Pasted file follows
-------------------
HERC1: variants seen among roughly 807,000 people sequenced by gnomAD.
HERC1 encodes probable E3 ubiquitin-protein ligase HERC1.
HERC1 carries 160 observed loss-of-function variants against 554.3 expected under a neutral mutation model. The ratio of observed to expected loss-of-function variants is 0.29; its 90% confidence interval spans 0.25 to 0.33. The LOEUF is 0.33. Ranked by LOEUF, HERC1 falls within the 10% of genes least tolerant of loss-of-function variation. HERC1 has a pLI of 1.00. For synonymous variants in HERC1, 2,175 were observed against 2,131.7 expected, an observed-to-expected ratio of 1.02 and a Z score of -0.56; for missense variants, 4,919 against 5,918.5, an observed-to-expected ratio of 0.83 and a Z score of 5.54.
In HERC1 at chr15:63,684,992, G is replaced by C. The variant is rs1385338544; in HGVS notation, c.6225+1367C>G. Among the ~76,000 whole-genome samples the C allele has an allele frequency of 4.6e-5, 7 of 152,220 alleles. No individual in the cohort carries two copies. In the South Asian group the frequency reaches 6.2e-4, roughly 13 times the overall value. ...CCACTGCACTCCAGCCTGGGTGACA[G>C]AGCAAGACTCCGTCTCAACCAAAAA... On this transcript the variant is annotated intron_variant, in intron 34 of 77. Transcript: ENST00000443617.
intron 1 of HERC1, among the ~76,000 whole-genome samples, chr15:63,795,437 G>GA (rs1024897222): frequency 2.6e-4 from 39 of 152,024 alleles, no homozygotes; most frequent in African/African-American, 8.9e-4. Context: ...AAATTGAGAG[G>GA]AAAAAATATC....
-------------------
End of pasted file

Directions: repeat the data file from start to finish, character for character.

HERC1: variants seen among roughly 807,000 people sequenced by gnomAD.
HERC1 encodes probable E3 ubiquitin-protein ligase HERC1.
HERC1 carries 160 observed loss-of-function variants against 554.3 expected under a neutral mutation model. The ratio of observed to expected loss-of-function variants is 0.29; its 90% confidence interval spans 0.25 to 0.33. The LOEUF is 0.33. Ranked by LOEUF, HERC1 falls within the 10% of genes least tolerant of loss-of-function variation. HERC1 has a pLI of 1.00. For synonymous variants in HERC1, 2,175 were observed against 2,131.7 expected, an observed-to-expected ratio of 1.02 and a Z score of -0.56; for missense variants, 4,919 against 5,918.5, an observed-to-expected ratio of 0.83 and a Z score of 5.54.
In HERC1 at chr15:63,684,992, G is replaced by C. The variant is rs1385338544; in HGVS notation, c.6225+1367C>G. Among the ~76,000 whole-genome samples the C allele has an allele frequency of 4.6e-5, 7 of 152,220 alleles. No individual in the cohort carries two copies. In the South Asian group the frequency reaches 6.2e-4, roughly 13 times the overall value. ...CCACTGCACTCCAGCCTGGGTGACA[G>C]AGCAAGACTCCGTCTCAACCAAAAA... On this transcript the variant is annotated intron_variant, in intron 34 of 77. Transcript: ENST00000443617.
intron 1 of HERC1, among the ~76,000 whole-genome samples, chr15:63,795,437 G>GA (rs1024897222): frequency 2.6e-4 from 39 of 152,024 alleles, no homozygotes; most frequent in African/African-American, 8.9e-4. Context: ...AAATTGAGAG[G>GA]AAAAAATATC....